Fur Trapper Ambush, Brandon, South Dakota
Posted by: Groundspeak Premium Member NGComets
N 43° 35.218 W 096° 34.153
14T E 696235 N 4828870
Quick Description: This marker is located in McHardy Park, in Brandon, SD. Dedicated in 2007 by the Minnehaha County Historical Society in Memory of Jon Kentfield. Elevation 1305
Location: South Dakota, United States
Date Posted: 5/6/2013 5:58:05 AM
Waymark Code: WMH1CC
Published By: Groundspeak Premium Member MNSearchers
Views: 1

Long Description:
Brandon is a growing city in Minnehaha County, South Dakota, about 5 miles east of the state’s largest city, Sioux Falls.

As of the 2010 census, its population was 8,785 and the US Census Bureau estimated the population of 8,905 as of July 2011.

German, Norwegian, Irish, Dutch, and Swedish immigrants settled the area and the town was platted in 1878 by the Worthington & Sioux Falls Railroad, a division of the Chicago & Northwestern line. The post office was established later that year.

Brandon spent most of its life as a ‘bedroom’ community, where people lived but worked in Sioux Falls. Because of this, the town was not incorporated until 1973.
Marker Name: Fur Trapper Ambush

Marker Type: Roadside

Marker Text:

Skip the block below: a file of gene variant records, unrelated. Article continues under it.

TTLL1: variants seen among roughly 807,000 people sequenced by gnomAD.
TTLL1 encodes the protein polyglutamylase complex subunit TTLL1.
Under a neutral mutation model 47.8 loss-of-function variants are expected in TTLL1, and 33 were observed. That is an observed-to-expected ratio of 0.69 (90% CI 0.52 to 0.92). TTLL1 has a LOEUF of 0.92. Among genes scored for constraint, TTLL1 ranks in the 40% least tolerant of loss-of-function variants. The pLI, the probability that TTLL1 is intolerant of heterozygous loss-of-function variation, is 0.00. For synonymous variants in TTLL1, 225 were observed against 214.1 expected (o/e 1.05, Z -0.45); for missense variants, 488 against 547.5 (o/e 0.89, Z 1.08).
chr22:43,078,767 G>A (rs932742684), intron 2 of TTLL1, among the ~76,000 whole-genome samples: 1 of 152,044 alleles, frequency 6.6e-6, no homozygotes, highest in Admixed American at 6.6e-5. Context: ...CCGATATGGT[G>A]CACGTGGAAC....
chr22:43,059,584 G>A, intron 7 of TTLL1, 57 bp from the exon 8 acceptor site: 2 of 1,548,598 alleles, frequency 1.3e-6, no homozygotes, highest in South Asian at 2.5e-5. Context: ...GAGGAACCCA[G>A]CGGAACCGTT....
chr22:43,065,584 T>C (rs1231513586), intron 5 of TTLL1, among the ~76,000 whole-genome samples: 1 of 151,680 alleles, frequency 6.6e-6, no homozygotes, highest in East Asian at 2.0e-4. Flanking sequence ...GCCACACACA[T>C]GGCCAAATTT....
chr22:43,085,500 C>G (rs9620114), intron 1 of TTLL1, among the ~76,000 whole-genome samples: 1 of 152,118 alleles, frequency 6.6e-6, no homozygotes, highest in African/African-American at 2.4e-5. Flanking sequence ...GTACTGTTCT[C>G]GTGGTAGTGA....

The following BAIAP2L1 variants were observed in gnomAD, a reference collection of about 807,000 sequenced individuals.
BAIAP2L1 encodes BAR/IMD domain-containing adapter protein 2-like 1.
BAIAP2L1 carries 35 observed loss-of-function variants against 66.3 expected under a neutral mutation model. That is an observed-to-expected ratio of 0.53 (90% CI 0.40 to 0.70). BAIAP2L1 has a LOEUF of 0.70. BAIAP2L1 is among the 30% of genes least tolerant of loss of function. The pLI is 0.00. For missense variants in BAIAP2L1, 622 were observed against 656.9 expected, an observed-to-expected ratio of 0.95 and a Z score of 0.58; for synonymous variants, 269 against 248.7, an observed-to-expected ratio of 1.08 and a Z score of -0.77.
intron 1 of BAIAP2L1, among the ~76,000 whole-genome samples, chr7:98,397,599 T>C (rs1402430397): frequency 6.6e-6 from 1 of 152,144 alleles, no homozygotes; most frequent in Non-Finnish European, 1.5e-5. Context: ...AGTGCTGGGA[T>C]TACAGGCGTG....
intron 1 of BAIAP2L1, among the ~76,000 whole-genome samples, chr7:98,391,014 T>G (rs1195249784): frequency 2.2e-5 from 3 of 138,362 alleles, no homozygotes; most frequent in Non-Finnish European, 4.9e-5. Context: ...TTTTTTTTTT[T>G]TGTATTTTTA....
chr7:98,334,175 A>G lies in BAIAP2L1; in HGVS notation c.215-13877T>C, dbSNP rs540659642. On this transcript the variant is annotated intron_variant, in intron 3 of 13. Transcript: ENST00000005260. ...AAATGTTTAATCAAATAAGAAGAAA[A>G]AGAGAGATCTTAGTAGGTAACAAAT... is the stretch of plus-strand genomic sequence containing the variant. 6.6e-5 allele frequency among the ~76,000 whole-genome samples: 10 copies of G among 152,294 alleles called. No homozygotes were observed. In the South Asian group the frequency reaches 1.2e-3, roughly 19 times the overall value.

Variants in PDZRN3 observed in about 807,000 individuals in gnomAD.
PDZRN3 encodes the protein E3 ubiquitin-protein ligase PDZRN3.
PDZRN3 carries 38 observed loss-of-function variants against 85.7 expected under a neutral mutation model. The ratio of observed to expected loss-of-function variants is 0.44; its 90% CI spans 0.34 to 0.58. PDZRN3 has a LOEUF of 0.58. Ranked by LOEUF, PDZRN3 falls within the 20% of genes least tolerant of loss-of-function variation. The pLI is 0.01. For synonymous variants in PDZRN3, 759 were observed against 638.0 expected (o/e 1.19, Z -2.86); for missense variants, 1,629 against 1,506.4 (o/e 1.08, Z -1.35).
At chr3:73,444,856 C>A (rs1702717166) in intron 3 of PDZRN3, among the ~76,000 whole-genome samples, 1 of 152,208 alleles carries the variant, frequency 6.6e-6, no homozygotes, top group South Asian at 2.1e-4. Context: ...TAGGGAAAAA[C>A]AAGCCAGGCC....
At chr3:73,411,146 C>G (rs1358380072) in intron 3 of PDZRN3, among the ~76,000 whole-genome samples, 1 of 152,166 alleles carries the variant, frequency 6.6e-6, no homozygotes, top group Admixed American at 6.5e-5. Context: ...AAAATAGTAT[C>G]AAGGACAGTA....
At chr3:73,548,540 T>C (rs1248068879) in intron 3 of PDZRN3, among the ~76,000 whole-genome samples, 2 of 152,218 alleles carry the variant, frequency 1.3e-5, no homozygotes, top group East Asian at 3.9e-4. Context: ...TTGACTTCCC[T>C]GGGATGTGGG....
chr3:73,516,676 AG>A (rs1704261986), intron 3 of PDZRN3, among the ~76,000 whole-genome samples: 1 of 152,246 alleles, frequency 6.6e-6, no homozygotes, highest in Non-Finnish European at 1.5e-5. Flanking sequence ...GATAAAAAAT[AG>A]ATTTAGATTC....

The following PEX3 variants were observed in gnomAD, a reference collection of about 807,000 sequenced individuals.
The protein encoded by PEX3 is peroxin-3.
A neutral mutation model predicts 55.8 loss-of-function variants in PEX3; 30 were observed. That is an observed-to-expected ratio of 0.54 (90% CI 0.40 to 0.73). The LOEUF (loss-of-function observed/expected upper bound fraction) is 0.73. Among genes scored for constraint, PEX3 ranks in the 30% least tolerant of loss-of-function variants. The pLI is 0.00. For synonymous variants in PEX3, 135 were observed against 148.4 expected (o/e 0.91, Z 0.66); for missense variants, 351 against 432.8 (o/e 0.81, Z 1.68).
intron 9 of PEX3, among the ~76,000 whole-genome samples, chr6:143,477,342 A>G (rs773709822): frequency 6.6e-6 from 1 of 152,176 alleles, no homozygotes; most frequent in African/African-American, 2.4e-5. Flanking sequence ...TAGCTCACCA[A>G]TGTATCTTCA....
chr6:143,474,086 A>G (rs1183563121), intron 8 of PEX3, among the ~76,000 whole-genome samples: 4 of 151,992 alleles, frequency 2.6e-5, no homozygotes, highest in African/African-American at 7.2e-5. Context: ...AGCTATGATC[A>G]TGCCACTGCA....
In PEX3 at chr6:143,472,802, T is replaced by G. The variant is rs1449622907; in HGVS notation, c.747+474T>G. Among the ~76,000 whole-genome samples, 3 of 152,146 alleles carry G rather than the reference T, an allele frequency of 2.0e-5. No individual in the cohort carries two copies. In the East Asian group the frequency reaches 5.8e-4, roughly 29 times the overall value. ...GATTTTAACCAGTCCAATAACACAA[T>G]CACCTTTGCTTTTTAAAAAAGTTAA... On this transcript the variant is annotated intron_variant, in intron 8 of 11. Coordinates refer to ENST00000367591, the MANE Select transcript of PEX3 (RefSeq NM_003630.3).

The first Europeans to enter Minnehaha County in search of animal pelts to satisfy the demand abroad for furs may have been French trappers. Some historians believe that trader Charles Pierre Le Sueur, or his men, visited this area as early as 1683. Le Sueur supplied information for a map, published in Paris in 1701, which included a voyageurs road leading from the Mississippi River to the falls of the Big Sioux River. In the 1850s three men in two canoes heavily laden with fur pelts headed downstream on nearby Split Rock Creek. An Indian warrior shot an arrow from ambush killing trapper Morgan in the lead canoe. Trapper White quickly fired his rifle and killed the warrior. After burying Morgan, White scalped the dead warrior and tacked his scalp to a tree as a warning. The two remaining trappers then continued downstream to Sioux City. Years later, White returned to the ambush scene to place a marker near Morgan's grave. The exact location of the burial site was lost when the marker was removed by road builders in the 1930s.


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